On view at Haus der Kunst through 21 June, “Zugzwang” is an expansive multimedia installation by Sung Tieu (German- Vietnamese, b.1987, lives and works in London)
In “Zugzwang“ and “In Cold Print,” artist Sung Tieu’s current exhibitions at Haus der Kunst Munich and Nottingham Contemporary, sculptures and readymades such as seating and office furniture, fences and concrete columns, immigration papers, memorabilia, newspaper spreads and multi-channel sound installations are fused into environments that move between everyday banality and claustrophobic effect. In Munich, the viewer is transported into what appear to be waiting rooms and office interiors that bring to mind the generic aesthetic of bureaucracy and citizen “management.” The installation in Nottingham, meanwhile, turns the exhibition space into a kind of exterior: in a maze enclosed by public security architecture, a sound piece based on the infamous “Ghost Tape No. 10” (a US sound weapon from the Vietnam War) is played. The walls are lined by screens displaying fictional newspaper articles that only wait to be contradicted, intensifying the schism between alleged facts and mass psychosis.
Though these two projects were conceived independently by the Vietnam-born, Berlin- and London-based artist, they build on several underlying themes and questions that have long been prevalent in her work, from the aesthetics of the military-industrial complex and psychological warfare to the historiography of immigration. What connects the two exhibitions is an interest in the constitution of populace (or more precisely, publics) by institutions, whether it’s through incarceration (the artist repeatedly uses standardized prison furniture), the policing of people in public spaces or the establishment of a reader- or viewership by the mainstream media (as in the artist’s “Newspaper 1969–ongoing” series).
In response to this centralized and state-led production of (in)voluntary communities, Tieu has co-founded a series of collaborative and performative projects that leave the gallery setting. Most recently, in a 2019 performance at Tate Modern titled East London Cable, she and her fellow performers—Aoibheann Greenan, Dan Marre, Eve Stainton, Florence Peake, Jos Bitelli, Louis Brown and Wojciech Kosma—set out to revamp the spirit of local access TV to generate local specificity while drawing more diverse audiences, calling to mind Kit Galloway and Sherrie Rabinowitz’s “Aesthetic Research in Telecommunications” projects (1975–1977). For an earlier project called “TROI OI” (2014), Tieu worked with Swedish-Vietnamese fashion designer Nhu Duong to design sweaters that were sold at Vietnamese-immigrant-owned flower shops in Berlin, inviting local art audiences to engage with the history of the Vietnamese diaspora, which was subjected to the former inner-German and inner-Vietnamese division, while at the same time asking questions about what constitutes that very community.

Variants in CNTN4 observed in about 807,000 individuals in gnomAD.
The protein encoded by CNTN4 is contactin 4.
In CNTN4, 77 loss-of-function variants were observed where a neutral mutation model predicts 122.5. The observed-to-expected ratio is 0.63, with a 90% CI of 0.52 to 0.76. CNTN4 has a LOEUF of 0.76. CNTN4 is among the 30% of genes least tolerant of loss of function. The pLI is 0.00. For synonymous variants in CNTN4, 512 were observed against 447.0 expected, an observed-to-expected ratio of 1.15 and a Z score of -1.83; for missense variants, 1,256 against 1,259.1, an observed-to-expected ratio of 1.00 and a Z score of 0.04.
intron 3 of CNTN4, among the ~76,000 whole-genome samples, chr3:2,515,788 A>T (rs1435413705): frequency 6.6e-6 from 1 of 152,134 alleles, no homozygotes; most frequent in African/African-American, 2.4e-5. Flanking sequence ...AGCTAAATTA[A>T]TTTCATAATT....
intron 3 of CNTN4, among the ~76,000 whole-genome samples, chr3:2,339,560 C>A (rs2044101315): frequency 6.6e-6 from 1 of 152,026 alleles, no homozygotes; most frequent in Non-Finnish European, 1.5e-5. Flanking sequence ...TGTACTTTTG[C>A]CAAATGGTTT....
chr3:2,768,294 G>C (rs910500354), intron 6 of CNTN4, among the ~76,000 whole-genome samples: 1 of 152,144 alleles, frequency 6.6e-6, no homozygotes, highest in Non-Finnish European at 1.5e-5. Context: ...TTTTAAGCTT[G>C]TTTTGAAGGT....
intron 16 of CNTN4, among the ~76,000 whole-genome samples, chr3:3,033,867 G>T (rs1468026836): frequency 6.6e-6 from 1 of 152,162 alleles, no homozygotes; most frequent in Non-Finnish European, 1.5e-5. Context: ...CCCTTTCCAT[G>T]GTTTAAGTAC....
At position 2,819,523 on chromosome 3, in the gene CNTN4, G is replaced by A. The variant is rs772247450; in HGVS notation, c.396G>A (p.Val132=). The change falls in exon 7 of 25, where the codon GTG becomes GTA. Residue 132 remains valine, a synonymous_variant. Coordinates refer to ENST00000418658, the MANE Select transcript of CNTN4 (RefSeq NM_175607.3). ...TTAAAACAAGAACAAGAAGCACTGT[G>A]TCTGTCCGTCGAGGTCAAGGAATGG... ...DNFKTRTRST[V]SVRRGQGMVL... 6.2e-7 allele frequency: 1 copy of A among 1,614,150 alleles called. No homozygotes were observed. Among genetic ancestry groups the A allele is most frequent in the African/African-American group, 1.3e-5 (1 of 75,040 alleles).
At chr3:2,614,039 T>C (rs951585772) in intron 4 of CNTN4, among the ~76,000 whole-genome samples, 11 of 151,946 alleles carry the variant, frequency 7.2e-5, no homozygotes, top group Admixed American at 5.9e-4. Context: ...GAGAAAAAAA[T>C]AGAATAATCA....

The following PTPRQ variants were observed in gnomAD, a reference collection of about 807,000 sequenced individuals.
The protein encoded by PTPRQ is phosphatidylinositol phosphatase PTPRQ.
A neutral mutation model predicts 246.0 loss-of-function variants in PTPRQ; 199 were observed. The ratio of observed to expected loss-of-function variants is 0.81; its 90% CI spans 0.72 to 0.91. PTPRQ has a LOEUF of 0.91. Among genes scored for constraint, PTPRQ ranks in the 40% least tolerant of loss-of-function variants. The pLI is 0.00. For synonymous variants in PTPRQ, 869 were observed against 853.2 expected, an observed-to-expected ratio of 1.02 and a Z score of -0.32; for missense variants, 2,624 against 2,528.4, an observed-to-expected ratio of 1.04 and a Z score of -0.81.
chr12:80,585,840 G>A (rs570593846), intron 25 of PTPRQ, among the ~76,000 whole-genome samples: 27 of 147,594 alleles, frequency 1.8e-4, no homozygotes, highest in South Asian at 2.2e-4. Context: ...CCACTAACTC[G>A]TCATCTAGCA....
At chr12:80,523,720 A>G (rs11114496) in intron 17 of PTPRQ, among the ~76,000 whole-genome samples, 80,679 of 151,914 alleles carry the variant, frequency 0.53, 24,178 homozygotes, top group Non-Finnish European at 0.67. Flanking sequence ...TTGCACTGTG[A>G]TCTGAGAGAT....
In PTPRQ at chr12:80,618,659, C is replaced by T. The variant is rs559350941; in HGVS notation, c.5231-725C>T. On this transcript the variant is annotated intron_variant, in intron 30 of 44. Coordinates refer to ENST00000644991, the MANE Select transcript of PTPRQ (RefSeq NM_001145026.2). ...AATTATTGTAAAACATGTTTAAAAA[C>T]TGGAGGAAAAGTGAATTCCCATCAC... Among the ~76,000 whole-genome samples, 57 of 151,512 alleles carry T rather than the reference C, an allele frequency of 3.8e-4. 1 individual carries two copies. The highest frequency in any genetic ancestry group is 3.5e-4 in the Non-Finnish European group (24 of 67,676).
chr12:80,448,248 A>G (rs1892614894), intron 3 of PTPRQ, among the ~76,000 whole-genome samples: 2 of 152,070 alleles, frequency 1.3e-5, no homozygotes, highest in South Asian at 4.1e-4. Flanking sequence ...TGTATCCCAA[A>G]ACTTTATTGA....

Despite working with her personal history of migration (“Zugzwang” includes large mirrored steel panels engraved with an abstracted image of the forest through which she crossed the Czech-German border in 1992), her work resists an autobiographical fixation. Instead, it confronts the art institution itself by highlighting the absurdities of the bureaucratic machine that surround us (and of which the museum is ultimately an extension). To grasp the all-encompassing nature of the present-day neoliberal state, Tieu employs a multitude of activities, from conducting research to producing collaborative sound works with composers like Ville Haimala and physically remaking the very architecture of exclusion and delineation that to most people remains out of sight. It all amounts to what Thomas Keenan once termed “counter-forensics”: a tactical approach to reassessing our collective political memory.
Tieu’s images and installations visualize the psychological effects of warfare, revealing a military and state apparatus that, on the one hand, is extremely inventive and experimental when appropriating and misusing its enemies’ deepest cultural and religious beliefs as means of combat, while at the same time proving brutally petty and pedantic in using official documents as instruments of exclusion. Ultimately, these works synthesize what Alain Badiou described in the context of democratic materialism as “the maintenance and dissolution of symbolic or juridical multiplicity in warlike violence.”